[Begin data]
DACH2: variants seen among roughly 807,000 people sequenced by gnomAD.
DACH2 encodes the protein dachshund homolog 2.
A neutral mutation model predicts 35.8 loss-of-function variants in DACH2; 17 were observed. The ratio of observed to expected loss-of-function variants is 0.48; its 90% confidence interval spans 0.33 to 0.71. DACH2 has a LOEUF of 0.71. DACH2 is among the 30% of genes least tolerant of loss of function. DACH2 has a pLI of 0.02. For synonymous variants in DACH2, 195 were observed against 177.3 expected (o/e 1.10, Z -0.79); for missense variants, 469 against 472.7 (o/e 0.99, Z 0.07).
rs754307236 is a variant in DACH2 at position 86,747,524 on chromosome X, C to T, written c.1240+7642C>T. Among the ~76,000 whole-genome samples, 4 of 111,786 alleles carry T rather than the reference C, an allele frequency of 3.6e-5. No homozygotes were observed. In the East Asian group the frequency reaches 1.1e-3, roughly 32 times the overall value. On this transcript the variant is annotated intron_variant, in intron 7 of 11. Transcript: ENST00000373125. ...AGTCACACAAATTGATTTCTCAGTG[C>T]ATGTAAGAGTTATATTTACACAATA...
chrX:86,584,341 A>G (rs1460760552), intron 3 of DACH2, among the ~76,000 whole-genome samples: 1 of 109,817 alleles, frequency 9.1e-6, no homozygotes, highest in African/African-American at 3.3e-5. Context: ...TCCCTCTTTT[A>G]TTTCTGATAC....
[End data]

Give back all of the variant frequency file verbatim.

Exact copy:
DACH2: variants seen among roughly 807,000 people sequenced by gnomAD.
DACH2 encodes the protein dachshund homolog 2.
A neutral mutation model predicts 35.8 loss-of-function variants in DACH2; 17 were observed. The ratio of observed to expected loss-of-function variants is 0.48; its 90% confidence interval spans 0.33 to 0.71. DACH2 has a LOEUF of 0.71. DACH2 is among the 30% of genes least tolerant of loss of function. DACH2 has a pLI of 0.02. For synonymous variants in DACH2, 195 were observed against 177.3 expected (o/e 1.10, Z -0.79); for missense variants, 469 against 472.7 (o/e 0.99, Z 0.07).
rs754307236 is a variant in DACH2 at position 86,747,524 on chromosome X, C to T, written c.1240+7642C>T. Among the ~76,000 whole-genome samples, 4 of 111,786 alleles carry T rather than the reference C, an allele frequency of 3.6e-5. No homozygotes were observed. In the East Asian group the frequency reaches 1.1e-3, roughly 32 times the overall value. On this transcript the variant is annotated intron_variant, in intron 7 of 11. Transcript: ENST00000373125. ...AGTCACACAAATTGATTTCTCAGTG[C>T]ATGTAAGAGTTATATTTACACAATA...
chrX:86,584,341 A>G (rs1460760552), intron 3 of DACH2, among the ~76,000 whole-genome samples: 1 of 109,817 alleles, frequency 9.1e-6, no homozygotes, highest in African/African-American at 3.3e-5. Context: ...TCCCTCTTTT[A>G]TTTCTGATAC....